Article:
You ever hear some of the things people say about creatives? It’s troubling. Apparently, it’s a universally desirable trait. Even kids should be more creative, because why not? What could possibly be the downside of being an artist? Well, it’s complicated.
I’m no artist, but I can recognize artists. I know powerful art when I come across it, but I can barely create it myself. My artistic sense has always been sharper than my artistic skill — might be considered a disadvantage to most. On the contrary, I appreciate that it makes me good at studying artists, who are some of the most opaque people out there. And from all this time studying them, I can say one thing for certain: Creativity is a curse, not a gift.
I was recently talking to someone about a complex business idea. And as he was explaining it, I was building a mirror image of the idea in my head. Turns out, his idea was similar to one of mine. At least, it felt like it. But I couldn’t put my finger on how the two were connected. In the end, what revealed the solution to me was a vlog I had watched earlier in the day. It was a short movie about a spring break road trip from my favorite creative person of all time. Not related in the slightest to the business ideas we were talking about, but somehow my brain joined the dots in a useful way. That’s a utilitarian example of creativity. Without that non-obvious connection, I couldn’t have connected the two ideas. So in this case, creativity had a positive impact. This is what most people think about when they say “I want to be more creative”. But that’s not the full story.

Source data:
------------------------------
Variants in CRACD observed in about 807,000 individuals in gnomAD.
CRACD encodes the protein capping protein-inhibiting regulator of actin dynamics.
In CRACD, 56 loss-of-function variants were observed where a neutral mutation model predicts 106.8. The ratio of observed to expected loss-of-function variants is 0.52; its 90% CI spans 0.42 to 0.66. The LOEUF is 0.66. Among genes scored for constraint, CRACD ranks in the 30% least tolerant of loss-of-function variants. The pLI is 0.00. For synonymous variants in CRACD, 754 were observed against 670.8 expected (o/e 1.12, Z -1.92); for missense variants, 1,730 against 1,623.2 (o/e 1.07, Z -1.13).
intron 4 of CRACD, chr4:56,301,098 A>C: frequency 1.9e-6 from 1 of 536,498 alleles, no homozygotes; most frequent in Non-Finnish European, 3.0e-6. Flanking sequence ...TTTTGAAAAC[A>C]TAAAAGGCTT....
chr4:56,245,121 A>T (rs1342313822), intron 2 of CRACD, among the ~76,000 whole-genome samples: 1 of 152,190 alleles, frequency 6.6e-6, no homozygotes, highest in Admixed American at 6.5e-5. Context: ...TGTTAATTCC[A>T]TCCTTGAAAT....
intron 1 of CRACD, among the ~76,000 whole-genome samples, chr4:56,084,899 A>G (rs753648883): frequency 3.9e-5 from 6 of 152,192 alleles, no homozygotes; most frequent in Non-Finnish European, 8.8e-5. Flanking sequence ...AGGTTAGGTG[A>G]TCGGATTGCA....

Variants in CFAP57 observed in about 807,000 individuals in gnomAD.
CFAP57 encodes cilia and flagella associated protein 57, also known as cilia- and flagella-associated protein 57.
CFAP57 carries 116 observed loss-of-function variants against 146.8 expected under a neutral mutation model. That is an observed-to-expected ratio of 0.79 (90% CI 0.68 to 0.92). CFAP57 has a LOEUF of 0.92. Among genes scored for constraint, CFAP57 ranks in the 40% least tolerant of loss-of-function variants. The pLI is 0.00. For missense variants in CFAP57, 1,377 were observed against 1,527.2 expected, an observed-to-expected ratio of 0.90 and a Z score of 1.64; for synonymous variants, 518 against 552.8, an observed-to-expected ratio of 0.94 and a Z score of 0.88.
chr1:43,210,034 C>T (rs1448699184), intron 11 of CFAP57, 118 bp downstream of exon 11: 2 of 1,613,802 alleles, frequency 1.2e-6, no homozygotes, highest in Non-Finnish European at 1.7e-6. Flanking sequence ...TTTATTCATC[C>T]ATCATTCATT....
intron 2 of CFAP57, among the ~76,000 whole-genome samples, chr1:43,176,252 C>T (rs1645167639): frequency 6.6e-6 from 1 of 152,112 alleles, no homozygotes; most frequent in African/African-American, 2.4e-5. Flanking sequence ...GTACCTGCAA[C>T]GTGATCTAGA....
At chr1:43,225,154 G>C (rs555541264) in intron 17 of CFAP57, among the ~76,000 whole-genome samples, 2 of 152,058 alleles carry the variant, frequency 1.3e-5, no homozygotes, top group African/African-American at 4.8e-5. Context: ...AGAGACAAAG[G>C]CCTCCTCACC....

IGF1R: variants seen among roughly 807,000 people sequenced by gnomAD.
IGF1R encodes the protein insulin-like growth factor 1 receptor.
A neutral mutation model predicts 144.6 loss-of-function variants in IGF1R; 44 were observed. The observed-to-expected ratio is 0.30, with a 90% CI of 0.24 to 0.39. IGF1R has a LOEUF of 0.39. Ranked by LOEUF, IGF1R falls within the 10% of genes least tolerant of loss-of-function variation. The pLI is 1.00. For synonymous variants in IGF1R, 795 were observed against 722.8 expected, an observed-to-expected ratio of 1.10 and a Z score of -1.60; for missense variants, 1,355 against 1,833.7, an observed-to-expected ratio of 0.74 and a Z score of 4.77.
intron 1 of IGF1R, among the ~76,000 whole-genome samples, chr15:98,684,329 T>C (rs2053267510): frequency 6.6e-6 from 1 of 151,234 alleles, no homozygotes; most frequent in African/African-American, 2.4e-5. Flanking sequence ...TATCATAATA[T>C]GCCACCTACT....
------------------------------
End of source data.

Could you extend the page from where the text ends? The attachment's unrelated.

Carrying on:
Creative people are tormented by their creativity. It’s a curse with positive side effects. Not a gift with negative side effects. What do I mean? Watch a creative person try to sit down and get something tedious done. The lateral-thinking mind is suffocated by forced narrowness. And most things in life do exactly that. Brushing your teeth in the morning. Cleaning up the house. Keeping your finances in order. Even learning a new skill. They’re narrow tasks that require focus. Which is exactly what creative types struggle with.
But that’s not all. The power of creative thinking sometimes creates new obstacles, too. It’s hard to explain what this feels like. But imagine you’re thinking about something, and your brain subconsciously tries to undermine every foothold you gain. Which happens because lateral thinking can’t really be put on pause. I mean, that’s how creativity works, by definition. This can be overwhelming. Speaking from experience, it is overwhelming. It feels like your mind is ripping itself apart. You’re just trying to figure out what ice cream flavor to get, but you can’t stop thinking about panna cotta’s connection to the Ottoman Empire.
Creativity shouldn’t be a universal trait. It’s a burden few are capable of bearing. Even those who have it don’t necessarily find it useful. Sure, it’s responsible for many of the beautiful things in our world. But not everyone should be Michelangelo. Not everyone should be Steve Jobs. If people knew how much a truly creative mind jumps all over the place all the time, no one would want this.